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From Flat Earth to Bigfoot: The Most Prevalent Conspiracy Theories in Canada

Cover image for post Conspiracy Theories
Conspiracy Theories
From Flat Earth to Bigfoot: The Most Prevalent Conspiracy Theories in Canada

Conspiracy theories used to be reserved for the loner on the corner who may or may not be wearing a tinfoil hat. They didn’t play much of a role in our daily lives.

But now, with the Internet and social media creating a rapid pathway for information to spread like never before, more and more people buy into conspiracy theories…and with the U.S. federal government now openly discussing UFOs, it’s hard not to think seriously about some of the “wild” things we hear.

We wanted to know how this shift in the conspiracy narrative is affecting people’s daily lives, relationships, and society as a whole throughout Canada.

Are Conspiracy Theories Harming Society?

More than two-thirds of Canadians believe that conspiracy theories and the rate at which information is spread are actively harming society. Only 32% believe they have no substantial effect.

How Conspiracies Affect Day-to-Day Life
How Conspiracies Affect Day-to-Day Life

This is interesting because, when asked about how conspiracy theories are affecting daily life, it wasn’t very clear that they are much at all.

Just 9% of our survey respondents said that conspiracy theories affected their relationships.

And about 22% of those people said conspiracies affect their interactions with other people in a positive way.

Conspiracy theories run deep, though, and an inability to change our opinions about them could be part of the problem.

About half (54%) of Canadians said they’ve changed their minds about conspiracies when they saw evidence to dispute them.

That means that just under half remain convinced of aliens, government cover-ups, and mind control experiments even when evidence suggests that the theory is incorrect. That seems a little dangerous.

More Than 60% of Canadians Buy Into Conspiracy Theories

That’s right: 61% of all Canadians we surveyed believed in at least one conspiracy theory.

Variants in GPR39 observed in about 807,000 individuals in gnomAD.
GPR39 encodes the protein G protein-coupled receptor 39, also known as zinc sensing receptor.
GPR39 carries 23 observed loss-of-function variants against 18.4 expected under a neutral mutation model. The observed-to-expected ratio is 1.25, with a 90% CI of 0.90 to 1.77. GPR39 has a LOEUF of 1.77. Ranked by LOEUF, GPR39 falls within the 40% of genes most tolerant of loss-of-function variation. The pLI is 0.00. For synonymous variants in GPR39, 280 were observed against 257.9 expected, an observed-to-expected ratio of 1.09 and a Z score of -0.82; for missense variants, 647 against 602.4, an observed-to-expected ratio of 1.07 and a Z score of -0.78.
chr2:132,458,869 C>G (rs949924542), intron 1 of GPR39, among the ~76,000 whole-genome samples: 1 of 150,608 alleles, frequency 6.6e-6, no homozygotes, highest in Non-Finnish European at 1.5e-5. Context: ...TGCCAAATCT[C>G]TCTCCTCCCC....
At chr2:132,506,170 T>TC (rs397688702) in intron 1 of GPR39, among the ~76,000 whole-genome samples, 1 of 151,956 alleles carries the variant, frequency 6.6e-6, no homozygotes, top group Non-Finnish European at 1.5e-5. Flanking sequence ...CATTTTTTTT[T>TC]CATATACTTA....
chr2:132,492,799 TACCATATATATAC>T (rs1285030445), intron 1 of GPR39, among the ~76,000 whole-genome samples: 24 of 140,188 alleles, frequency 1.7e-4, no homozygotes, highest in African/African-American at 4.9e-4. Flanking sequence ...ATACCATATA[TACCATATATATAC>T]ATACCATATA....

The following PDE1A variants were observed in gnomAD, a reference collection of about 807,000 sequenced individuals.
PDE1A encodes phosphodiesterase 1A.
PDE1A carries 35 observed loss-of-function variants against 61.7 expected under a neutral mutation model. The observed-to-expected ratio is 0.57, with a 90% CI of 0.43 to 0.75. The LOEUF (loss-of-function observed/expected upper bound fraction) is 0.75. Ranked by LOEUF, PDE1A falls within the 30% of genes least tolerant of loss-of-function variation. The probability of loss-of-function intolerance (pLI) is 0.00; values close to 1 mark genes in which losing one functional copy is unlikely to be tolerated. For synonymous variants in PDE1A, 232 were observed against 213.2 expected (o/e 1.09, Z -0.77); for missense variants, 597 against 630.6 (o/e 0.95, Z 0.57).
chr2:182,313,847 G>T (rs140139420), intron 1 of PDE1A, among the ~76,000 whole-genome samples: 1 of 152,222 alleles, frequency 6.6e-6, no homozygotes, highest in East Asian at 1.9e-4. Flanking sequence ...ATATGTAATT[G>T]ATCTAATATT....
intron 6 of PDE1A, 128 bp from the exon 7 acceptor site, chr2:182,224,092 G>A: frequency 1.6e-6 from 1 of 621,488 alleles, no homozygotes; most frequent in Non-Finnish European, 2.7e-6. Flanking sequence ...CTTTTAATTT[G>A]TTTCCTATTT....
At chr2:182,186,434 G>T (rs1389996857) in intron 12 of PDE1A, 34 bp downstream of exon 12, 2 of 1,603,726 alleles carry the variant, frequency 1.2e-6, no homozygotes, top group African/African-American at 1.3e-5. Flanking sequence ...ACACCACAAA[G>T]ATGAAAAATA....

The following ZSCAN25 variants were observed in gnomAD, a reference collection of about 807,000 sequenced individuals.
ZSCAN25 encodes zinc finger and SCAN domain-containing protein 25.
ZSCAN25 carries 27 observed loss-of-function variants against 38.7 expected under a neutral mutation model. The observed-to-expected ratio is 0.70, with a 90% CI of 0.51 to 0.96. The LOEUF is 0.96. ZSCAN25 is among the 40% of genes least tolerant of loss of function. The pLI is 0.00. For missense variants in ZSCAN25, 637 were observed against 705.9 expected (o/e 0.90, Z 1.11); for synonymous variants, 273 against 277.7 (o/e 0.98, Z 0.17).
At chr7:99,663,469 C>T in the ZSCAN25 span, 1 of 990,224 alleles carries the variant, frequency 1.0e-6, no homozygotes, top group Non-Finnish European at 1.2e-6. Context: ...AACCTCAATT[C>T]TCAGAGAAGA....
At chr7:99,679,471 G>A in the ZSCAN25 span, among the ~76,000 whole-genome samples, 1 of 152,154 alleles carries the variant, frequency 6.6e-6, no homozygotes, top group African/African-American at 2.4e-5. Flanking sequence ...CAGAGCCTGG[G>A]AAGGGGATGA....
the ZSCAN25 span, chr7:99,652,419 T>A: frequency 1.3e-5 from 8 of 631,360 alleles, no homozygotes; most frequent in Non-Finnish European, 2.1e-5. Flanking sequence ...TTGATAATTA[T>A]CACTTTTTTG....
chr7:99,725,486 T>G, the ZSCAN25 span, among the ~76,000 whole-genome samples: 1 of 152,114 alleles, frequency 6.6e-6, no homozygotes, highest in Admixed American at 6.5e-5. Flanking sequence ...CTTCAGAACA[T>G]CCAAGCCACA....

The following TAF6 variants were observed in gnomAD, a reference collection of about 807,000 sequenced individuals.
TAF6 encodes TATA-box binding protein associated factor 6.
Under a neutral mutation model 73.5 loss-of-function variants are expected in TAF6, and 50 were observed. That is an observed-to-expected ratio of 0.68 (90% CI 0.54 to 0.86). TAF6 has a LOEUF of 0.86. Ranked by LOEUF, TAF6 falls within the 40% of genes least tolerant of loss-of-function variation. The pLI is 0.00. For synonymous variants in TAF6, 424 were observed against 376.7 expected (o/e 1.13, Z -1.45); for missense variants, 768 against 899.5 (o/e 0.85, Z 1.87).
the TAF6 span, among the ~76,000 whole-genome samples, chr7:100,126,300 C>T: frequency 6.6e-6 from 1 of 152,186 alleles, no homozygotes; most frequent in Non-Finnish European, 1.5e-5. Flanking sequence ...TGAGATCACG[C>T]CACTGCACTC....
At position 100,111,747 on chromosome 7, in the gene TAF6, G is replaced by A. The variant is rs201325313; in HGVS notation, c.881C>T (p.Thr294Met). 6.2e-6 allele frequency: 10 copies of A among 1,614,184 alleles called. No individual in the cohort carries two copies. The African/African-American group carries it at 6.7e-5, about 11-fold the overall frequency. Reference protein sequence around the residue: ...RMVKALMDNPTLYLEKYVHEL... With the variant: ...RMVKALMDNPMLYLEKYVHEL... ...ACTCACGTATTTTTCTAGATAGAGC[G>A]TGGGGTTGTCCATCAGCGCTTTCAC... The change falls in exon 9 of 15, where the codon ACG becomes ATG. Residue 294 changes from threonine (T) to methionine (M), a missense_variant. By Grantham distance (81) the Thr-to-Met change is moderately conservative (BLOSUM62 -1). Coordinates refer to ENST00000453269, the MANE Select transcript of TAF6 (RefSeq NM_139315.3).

And the place most of those residents got their information? Social media.

Percentage of Canadians that Believe in Conspiracy Theories
Percentage of Canadians that Believe in Conspiracy Theories

Facebook, Twitter, Reddit, and YouTube—all user generated content—provide 62% of conspiracy theorists in Canada with the information they deem as proof of a conspiracy.

It seems clear that social media is the primary reason conspiracy theories are on the rise, as the next most prevalent sources that fuel conspiracy theorists are traditional media and digital media, each accounting for just 10%.

“The Earth Is Flat” Is The Most Commonly Accepted Conspiracy Theory

Flat Earthers prevail, with their theory being the most widely accepted in three provinces:

  • New Brunswick
  • Newfoundland and Labrador
  • Saskatchewan.

Despite the nearly unlimited scientific evidence that the Earth is round, “flat earth” is still the most commonly accepted conspiracy theory in Canada.

Three other conspiracy theories are a close second as they are most popular in two provinces each:

  • Alien abductions are real, most popular in British Columbia and Ontario
  • Bigfoot is real, most popular in Northwest Territories and Nunavut
  • Yetis are real, most popular in Prince Edward Island and Yukon Territory
Conspiracy Theories by Province
Conspiracy Theories by Province

Wrapping Up: Why Conspiracies Matter

Conspiracy theories can be fun to talk about, but when you hear that more than 60% of all Canadians really believe in one of these ideas, things go from fun to potentially dangerous pretty quickly.

Spreading misinformation and disinformation—unintentionally vs. intentionally misleading people—can lead to political unrest, social injustice, and even injury and death.

Just consider the information that spread throughout Canada about the COVID-19 vaccine being intentionally harmful to recipients, and you suddenly have thousands of people getting sick just because of inaccurate information spreading on the internet.

And even more concerning: if people are willing to believe that Bigfoot is hanging out in their backyard, what else will they see in a Facebook post and take as gospel truth?

Methodology

We surveyed 1,000 Canadian residents in July 2023, with an average age of 35, about their experiences with and beliefs in conspiracy theories. A little over half (54%) of respondents were female, 43% were male, and 3% identified as non-binary. We also used Google Trends data from the previous 12 months to assess how often residents in different provinces searched for key conspiracy terms.

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Our data and images are available to share for any and all non-commercial purposes. If you do share them, please link back to this page to give credit for the research, writing, and image creation.

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